I let the primer dry for the day, then turned all the cabinet doors over and primed the other side that evening.  Each coat took me one hour for all the cabinet doors, so I’ve now completed two hours of actual painting.

(Note: I planned application so the “finish” coat was always the front of the cabinetry.  Using cuts of short 2×4’s underneath the doors, I tried to be careful not to mar the primer and paint as I turned them over, but there was a very little bit of scuffing I had to sand out and touch up when all was said and done. They make dandy little yellow supports for jobs like this at Home Depot, and I think I have eight of those things around somewhere, but we’re pretty Old School around here and wood is always aplenty.)

By the next day, the doors were ready for the first coat of Creamy paint.  Again, one coat on all the doors took an hour.  I let the first coat dry at least 6 hours, then flipped them over and painted the other side.

My paint brush is fuzzy in this photo, but you can see here how I painted in the grooves first.

For the second coat, I again flipped all the doors to the “inside” of the door (the one you wouldn’t see when installed) and applied the last coat of paint.

 
I let this last coat dry at least six hours, then flipped them and painted the final coat on the fronts of the doors.  At this point, I was downright giddy with how the finish was looking!

Now, as a furniture painter, I know it can take up to 30 days for paint to cure.  As excited as I was to get my cabinetry reinstalled in the kitchen, I knew it was in our best interest to wait an extra day or two to get the paint as dry as we could manage before attempting to hang them back up. I believe we waited two days before reinstalling.

And oh, how fun that was 🙂

I was so busy sorting out hinges and screws and holding cabinet doors level for Fireman and reinstalling hardware I didn’t even have time to snap pictures of this process.

So I waited until we were done ~

I still love it each and every day!

We already had bronze knobs for our cabinet doors, but ended up having to fill the original drawer holes and drill new ones to replace the handles.  I love the vintage look of the beaded edges.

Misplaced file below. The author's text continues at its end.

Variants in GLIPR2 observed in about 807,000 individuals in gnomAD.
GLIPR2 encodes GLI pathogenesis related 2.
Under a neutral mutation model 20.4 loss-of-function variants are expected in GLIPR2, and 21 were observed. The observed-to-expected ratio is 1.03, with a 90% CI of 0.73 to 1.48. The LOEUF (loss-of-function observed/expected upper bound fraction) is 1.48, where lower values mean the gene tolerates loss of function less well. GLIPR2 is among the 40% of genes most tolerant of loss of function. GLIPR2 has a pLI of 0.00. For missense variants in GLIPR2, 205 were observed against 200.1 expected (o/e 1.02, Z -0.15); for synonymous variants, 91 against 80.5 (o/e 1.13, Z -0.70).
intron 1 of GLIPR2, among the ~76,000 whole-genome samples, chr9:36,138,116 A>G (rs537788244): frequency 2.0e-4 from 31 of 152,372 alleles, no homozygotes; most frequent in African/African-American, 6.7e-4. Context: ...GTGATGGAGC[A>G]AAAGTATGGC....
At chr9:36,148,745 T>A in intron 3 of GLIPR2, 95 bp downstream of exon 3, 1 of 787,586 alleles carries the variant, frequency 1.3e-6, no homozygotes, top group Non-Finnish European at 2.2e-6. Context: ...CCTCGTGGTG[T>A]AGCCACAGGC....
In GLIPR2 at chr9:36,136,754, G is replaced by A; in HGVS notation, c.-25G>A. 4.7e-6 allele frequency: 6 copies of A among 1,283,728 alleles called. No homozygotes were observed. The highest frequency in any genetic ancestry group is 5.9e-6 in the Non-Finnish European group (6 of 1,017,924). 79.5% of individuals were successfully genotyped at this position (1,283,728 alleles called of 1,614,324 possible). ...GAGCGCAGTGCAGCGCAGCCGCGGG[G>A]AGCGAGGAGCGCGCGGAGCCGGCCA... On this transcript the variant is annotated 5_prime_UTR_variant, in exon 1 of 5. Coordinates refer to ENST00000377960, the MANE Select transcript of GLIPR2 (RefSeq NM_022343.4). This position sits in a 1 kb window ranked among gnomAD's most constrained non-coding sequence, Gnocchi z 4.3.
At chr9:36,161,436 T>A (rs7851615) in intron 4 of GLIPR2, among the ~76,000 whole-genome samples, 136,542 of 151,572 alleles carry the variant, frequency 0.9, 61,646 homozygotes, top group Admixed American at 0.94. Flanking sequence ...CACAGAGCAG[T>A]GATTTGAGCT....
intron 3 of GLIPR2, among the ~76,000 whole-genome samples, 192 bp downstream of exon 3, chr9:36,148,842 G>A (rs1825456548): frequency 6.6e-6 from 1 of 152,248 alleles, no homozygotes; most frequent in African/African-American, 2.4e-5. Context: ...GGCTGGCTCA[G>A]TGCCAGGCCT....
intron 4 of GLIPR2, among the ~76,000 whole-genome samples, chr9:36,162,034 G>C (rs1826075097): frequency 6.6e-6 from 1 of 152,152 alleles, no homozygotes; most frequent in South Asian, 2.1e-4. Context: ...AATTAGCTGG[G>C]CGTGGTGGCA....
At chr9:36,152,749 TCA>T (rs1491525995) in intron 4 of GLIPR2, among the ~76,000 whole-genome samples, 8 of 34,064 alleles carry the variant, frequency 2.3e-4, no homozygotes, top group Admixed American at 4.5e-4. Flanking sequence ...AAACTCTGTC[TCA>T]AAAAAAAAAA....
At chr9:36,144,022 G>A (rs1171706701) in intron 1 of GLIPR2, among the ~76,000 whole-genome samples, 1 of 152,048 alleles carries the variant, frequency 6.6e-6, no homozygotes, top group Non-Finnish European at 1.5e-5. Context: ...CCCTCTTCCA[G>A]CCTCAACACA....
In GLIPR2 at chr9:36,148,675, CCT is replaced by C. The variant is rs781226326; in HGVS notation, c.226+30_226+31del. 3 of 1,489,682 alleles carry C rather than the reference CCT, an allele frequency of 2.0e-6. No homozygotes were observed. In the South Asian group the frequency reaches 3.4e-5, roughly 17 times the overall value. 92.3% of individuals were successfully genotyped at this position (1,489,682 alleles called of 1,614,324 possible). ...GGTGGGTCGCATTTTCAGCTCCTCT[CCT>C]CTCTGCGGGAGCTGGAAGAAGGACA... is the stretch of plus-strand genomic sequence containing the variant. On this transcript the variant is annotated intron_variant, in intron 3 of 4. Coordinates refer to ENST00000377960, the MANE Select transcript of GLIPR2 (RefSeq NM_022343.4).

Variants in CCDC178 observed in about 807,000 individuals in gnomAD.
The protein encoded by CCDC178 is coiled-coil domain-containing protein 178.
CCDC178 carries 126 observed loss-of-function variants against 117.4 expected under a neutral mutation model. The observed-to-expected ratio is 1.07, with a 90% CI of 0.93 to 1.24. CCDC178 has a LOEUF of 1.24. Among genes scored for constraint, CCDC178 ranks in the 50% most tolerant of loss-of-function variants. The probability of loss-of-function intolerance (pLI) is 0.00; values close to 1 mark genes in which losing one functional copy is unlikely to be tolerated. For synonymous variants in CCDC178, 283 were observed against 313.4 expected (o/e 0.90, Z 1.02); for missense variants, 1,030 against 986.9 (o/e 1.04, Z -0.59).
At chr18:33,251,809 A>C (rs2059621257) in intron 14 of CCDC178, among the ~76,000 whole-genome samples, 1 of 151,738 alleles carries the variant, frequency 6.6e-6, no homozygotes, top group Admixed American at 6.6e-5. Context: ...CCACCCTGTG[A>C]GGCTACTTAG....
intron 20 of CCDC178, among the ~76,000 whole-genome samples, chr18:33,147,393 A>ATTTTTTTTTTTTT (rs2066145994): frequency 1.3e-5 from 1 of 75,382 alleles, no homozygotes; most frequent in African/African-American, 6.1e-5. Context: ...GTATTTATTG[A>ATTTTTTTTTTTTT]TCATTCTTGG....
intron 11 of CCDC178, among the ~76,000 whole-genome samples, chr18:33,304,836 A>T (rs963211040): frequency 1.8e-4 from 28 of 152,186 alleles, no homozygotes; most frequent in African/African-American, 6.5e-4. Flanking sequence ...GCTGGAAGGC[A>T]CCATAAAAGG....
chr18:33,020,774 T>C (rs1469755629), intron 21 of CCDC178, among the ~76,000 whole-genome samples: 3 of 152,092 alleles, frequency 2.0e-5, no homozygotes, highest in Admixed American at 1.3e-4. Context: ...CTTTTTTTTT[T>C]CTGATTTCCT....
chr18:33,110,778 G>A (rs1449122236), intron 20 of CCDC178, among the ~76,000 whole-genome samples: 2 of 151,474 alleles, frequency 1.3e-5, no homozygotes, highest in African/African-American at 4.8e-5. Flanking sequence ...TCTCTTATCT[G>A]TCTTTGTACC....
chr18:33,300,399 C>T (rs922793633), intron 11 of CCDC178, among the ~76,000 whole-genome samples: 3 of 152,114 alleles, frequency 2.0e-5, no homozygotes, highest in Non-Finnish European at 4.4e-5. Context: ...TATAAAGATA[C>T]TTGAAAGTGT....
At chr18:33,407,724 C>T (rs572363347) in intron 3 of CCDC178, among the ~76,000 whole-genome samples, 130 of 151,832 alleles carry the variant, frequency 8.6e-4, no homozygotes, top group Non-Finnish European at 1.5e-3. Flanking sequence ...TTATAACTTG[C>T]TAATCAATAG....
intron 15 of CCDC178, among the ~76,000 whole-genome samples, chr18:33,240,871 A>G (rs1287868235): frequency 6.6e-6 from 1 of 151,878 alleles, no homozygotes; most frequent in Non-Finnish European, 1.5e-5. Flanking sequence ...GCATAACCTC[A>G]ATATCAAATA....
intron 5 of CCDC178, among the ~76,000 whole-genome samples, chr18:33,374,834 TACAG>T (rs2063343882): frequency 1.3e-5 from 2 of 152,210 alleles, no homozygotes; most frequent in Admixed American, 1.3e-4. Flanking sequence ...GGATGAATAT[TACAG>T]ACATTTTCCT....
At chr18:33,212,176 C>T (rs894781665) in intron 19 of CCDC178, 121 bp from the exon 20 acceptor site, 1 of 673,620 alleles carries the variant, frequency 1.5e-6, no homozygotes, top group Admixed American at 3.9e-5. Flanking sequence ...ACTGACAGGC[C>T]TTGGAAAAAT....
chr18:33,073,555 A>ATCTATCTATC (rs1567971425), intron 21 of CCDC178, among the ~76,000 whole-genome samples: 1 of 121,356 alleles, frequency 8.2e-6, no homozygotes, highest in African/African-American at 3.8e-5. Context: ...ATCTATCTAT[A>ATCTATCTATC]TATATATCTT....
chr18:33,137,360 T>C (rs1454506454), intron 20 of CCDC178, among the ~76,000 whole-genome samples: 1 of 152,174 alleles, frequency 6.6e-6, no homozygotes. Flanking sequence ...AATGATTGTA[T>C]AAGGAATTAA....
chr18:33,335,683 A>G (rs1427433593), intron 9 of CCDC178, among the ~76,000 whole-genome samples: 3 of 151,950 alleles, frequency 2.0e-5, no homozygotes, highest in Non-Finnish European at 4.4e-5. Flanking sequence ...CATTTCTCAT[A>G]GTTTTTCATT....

I gave special instructions to everyone in the family to please be extra careful with the cabinets for the next 30 days...but you know what?  They’ve held up beautifully!  My three kids are very active participants in food prep, cooking, and cleaning, so this area gets its crazy fair share of activity every day, but this painted cabinetry is working hard right along with us.

We did have minimal chipping around the knob to the undersink cabinet door, but this is where we keep our trash and that door is opened hundreds of times a day.  Just yesterday, I lightly sanded it and touched it up with more paint.

Which brings me to a finish coat.  You’ll notice I didn’t apply a polyurethane or wax finish coat, and some may think I’m crazy for not.  However, I am such a firm believer in the ProClassic paint, and its enamal-like finish once cured, I believe it’s enough of a protective coat in itself.  Also, I wanted the freedom to touch up any chip spots as we progress through our daily lives, and not having to work around a polyurethane makes this option easier.

That said, we are six weeks in and the paint is holding up beautifully.  Even better than I expected.  I absolutely love it.

Total sanding, priming, and painting for all drawers and cabinets took eight hours, but the drying time in between each coat is what makes the process drag out for a week or more.  Worth it?  Absolutely.

Now my Christmas wish is for Santa to bring me a new tile backsplash….minus the kokopellis ~

Author

Write A Comment